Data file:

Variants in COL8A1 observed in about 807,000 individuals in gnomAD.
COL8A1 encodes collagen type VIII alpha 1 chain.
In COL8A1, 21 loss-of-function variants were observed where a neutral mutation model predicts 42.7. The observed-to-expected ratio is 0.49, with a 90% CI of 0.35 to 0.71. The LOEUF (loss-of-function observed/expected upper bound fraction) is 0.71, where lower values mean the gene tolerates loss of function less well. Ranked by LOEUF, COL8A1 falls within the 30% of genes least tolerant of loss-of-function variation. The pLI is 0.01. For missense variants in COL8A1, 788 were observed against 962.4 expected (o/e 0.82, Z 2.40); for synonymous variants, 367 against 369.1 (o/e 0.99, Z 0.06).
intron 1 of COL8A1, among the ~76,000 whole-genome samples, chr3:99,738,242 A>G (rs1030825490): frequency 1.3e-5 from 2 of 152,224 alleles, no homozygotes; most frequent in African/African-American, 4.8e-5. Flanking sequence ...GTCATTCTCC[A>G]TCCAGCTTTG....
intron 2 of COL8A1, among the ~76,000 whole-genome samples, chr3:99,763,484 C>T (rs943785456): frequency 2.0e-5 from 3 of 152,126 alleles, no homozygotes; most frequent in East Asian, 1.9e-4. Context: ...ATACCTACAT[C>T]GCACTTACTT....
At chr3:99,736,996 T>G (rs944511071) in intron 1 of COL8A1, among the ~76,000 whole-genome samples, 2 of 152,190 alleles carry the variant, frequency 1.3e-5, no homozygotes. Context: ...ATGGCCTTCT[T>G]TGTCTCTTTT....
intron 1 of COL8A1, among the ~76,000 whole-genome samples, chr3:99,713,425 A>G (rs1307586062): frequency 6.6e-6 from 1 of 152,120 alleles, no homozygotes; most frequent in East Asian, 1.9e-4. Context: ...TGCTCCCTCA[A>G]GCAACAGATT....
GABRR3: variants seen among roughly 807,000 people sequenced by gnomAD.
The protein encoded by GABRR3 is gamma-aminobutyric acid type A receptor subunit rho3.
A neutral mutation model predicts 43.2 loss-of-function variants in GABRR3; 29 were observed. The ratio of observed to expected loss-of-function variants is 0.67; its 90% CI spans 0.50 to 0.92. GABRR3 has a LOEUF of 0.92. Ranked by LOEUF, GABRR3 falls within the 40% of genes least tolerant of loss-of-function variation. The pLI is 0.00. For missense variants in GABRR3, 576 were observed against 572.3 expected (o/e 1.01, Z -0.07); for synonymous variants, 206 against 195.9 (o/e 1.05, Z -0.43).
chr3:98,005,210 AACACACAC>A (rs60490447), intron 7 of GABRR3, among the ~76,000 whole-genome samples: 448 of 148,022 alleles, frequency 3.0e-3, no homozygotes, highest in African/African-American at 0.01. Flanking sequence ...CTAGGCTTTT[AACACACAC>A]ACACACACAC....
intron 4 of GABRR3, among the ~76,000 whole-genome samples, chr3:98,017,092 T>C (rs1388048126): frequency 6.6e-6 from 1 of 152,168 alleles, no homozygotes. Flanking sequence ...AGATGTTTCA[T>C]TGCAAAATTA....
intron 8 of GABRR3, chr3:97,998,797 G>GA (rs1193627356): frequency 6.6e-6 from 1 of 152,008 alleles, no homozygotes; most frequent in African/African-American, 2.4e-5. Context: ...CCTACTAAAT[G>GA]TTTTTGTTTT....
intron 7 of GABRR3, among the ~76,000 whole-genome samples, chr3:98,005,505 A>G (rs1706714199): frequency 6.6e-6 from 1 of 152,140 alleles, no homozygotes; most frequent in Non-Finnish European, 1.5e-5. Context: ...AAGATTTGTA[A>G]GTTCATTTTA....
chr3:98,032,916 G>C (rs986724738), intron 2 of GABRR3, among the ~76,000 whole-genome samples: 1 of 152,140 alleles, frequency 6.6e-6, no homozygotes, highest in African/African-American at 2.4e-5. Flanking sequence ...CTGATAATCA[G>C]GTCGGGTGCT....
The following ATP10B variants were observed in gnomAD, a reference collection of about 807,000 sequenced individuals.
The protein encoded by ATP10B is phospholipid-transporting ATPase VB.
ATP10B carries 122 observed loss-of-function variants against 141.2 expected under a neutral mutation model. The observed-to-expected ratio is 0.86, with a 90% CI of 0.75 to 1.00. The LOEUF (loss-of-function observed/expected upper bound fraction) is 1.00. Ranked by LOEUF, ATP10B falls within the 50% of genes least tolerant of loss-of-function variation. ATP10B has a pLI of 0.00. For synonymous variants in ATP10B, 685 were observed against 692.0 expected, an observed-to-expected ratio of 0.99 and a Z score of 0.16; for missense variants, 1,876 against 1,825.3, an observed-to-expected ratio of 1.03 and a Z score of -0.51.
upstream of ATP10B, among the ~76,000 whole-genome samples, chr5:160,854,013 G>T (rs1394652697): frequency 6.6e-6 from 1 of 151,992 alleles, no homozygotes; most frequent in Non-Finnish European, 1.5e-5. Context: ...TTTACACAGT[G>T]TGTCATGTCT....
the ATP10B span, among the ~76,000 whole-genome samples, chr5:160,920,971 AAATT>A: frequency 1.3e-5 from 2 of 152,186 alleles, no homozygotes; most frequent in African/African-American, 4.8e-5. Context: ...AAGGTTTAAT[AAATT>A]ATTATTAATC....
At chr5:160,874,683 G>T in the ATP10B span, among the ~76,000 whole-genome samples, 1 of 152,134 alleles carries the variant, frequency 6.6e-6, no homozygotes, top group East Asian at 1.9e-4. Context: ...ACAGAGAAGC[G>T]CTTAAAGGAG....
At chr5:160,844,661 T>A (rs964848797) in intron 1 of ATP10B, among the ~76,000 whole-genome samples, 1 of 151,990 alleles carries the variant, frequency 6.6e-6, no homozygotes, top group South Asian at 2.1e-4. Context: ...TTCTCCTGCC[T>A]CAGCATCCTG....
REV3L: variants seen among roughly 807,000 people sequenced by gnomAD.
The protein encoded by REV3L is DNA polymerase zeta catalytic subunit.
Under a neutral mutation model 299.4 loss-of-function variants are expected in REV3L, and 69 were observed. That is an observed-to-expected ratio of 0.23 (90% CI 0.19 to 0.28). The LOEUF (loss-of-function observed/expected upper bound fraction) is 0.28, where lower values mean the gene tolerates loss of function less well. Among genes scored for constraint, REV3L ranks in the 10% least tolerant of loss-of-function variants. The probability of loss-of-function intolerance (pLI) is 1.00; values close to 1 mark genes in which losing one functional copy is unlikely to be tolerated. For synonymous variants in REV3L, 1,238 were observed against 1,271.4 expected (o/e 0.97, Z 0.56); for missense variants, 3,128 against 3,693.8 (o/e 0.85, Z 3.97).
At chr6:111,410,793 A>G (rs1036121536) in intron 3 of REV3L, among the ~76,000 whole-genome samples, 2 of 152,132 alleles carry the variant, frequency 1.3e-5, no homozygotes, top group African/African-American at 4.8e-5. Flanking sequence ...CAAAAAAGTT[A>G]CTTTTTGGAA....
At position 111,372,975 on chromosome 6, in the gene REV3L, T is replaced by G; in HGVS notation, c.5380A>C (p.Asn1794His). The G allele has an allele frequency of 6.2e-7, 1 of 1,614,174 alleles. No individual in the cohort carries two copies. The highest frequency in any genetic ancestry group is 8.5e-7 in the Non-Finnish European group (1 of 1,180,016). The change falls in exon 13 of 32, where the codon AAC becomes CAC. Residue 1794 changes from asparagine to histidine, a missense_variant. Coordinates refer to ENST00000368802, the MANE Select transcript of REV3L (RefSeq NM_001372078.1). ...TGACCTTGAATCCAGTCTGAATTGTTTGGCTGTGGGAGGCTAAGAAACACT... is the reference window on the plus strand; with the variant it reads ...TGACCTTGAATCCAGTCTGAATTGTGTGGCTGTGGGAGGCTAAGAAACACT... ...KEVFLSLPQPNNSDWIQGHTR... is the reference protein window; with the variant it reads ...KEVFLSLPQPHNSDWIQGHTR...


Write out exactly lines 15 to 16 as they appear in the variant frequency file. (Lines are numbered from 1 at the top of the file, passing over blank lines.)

chr3:98,032,916 G>C (rs986724738), intron 2 of GABRR3, among the ~76,000 whole-genome samples: 1 of 152,140 alleles, frequency 6.6e-6, no homozygotes, highest in African/African-American at 2.4e-5. Flanking sequence ...CTGATAATCA[G>C]GTCGGGTGCT....
The following ATP10B variants were observed in gnomAD, a reference collection of about 807,000 sequenced individuals.